• Ignominious – marked or characterized by disgrace or shame
  • Vindicate – to set free or deliver
  • Interpretate – an archaic variant of interpret
  • Gravamen – the material or significant part of a grievance or complaint
  • Transom – a transverse piece in a structure

As you can see, language is ever-changing and ever-evolving. It’s impossible to keep up with all the new words. I don’t know about you, but I’m thankful for modern technology and the dictionary app on my smartphone.

Joan Hall

Save

Save

Save

Save

Save

Save

Save

Save

Advertisements

47 thoughts on “Words ~ Old and New

  1. OMG, Joan! You’ve brought together decades, maybe centuries of expressions, words, and labels. I enjoyed every letter it took to write it. Now, if we threw in the Southern expressions we might both know, we could really confuse a large number of folks.

    Liked by 1 person

    • Oh for real, Sherrey! Several years ago, John and I were in Cheyenne, Wyoming and had stopped for lunch. The waitress took our order and then came back to table and asked, “What part of Texas are you from?” Turns out, she was raised in the DFW area. She had lost most of her Texas twang, but told us she still used the terms “y’all” and “fixing to.” We laughed together. On a side note, it turned out she had lived in the same town as a couple of my cousins and knew them from high school. Small world!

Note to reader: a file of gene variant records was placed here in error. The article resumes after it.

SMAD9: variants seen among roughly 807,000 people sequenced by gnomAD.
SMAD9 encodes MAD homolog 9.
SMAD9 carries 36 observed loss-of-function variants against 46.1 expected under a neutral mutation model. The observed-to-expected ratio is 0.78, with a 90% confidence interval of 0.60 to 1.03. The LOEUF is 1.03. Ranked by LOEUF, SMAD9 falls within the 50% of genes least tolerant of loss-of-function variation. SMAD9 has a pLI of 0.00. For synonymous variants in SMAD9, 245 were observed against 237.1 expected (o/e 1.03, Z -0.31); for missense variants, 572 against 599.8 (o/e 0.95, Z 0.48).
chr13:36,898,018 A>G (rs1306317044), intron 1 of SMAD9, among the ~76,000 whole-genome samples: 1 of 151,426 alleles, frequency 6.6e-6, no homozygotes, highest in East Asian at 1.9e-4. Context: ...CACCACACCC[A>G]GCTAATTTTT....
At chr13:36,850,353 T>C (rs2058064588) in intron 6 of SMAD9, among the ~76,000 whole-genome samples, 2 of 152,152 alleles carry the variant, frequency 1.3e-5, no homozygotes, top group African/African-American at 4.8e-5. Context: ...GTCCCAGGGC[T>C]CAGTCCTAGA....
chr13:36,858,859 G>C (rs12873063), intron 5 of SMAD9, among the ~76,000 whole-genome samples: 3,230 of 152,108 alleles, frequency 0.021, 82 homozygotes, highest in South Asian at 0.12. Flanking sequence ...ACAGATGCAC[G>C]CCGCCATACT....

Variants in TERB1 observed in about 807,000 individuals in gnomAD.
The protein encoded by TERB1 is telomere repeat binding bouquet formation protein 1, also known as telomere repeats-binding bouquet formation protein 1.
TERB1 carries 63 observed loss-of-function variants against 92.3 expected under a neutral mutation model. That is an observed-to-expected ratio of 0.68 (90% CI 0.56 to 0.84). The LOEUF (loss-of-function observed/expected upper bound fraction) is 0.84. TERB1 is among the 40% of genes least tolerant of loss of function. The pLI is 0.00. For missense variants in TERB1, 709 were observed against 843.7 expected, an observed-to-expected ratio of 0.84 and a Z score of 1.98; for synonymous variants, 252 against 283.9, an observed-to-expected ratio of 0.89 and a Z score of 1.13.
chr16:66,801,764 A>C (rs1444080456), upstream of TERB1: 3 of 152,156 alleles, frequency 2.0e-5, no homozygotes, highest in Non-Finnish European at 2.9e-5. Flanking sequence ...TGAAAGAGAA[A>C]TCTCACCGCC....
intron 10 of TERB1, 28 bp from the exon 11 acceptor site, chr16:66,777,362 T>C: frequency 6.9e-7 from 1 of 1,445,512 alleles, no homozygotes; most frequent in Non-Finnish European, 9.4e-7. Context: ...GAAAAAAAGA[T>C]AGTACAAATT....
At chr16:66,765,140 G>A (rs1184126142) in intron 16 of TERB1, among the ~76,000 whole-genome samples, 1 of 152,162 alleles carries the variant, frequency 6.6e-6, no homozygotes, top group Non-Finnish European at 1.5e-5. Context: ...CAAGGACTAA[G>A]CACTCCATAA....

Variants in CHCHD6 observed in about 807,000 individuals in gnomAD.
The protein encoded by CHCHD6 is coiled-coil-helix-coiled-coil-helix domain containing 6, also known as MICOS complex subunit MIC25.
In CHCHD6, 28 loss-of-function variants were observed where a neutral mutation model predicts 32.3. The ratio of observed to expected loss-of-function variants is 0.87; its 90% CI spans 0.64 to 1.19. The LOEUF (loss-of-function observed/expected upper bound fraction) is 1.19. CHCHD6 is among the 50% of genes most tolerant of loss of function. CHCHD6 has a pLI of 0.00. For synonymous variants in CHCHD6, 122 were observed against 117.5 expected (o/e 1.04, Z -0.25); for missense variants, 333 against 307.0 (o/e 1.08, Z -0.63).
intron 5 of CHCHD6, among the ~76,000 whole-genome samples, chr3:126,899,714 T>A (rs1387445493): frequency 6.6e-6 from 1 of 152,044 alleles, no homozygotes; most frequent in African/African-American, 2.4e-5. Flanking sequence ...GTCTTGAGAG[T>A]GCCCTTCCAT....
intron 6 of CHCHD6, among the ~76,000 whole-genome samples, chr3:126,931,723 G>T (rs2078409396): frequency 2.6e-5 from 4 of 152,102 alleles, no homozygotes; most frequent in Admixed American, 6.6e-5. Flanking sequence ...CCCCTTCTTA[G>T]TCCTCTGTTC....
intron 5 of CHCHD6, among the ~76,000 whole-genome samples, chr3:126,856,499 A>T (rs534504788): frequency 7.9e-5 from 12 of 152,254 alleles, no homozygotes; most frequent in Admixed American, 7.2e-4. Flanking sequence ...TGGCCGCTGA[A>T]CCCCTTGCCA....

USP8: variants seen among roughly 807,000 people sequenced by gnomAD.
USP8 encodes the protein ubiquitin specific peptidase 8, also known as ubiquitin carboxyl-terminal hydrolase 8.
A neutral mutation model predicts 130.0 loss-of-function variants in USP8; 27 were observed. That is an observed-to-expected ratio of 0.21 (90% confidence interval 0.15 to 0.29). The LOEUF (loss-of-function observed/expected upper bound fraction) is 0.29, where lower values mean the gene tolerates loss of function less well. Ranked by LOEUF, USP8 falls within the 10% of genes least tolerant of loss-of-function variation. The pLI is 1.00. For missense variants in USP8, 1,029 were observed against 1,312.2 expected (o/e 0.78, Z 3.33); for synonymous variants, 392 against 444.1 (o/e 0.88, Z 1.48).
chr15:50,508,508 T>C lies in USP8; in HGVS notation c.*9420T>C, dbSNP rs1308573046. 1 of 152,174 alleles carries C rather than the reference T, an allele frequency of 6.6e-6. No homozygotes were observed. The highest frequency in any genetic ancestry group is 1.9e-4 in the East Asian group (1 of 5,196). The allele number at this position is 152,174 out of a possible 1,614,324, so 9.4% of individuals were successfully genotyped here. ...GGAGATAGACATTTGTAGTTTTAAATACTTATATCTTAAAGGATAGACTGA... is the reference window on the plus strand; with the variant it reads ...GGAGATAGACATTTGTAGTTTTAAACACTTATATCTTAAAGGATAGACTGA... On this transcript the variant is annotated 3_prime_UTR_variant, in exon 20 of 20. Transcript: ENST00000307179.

Like

  2. Love this post, Joan! Words, the old and new, and especially the origin stories, are so interesting! And then there’s always the words that are just plain fun to say. Rapscallion! Like an onion relative that does the word-rhyming sort-of-singing thing snicker And supercalifragilisticexpialidocious is one of my favorites. When I come across words that are rarely seen these days in prose, I’m always tempted to use them, especially when they mean exactly what I’m trying to say, like eisengrau (it means that period at dusk and dawn when the landscape colors are just gray–yes, there’s an actual word for that, and I’m waiting for the perfect time to use it 😀 ) Thanks for a great post!

    Liked by 2 people

    • Funny how we remember certain things. When I was in school we (meaning students, not the teachers) tried to impress one another by using antidisestablishmentarianism. It’s not even in the dictionary, but we didn’t bother to check it out. Sort of like supercalifragilisticexpialidocious. On a whim, I checked the longest word, and it is electroencephalographically. I would find it hard to pronounce if it wasn’t for the fact I took a medical terminology class a few years ago.

      Thanks for stopping by today, Flossie!

      Liked by 3 people

    • I’m with you on POTUS and FLOTUS. The first time I heard those terms I thought, “What the heck?” I refuse to say them. Glad you liked the post and thanks for stopping by.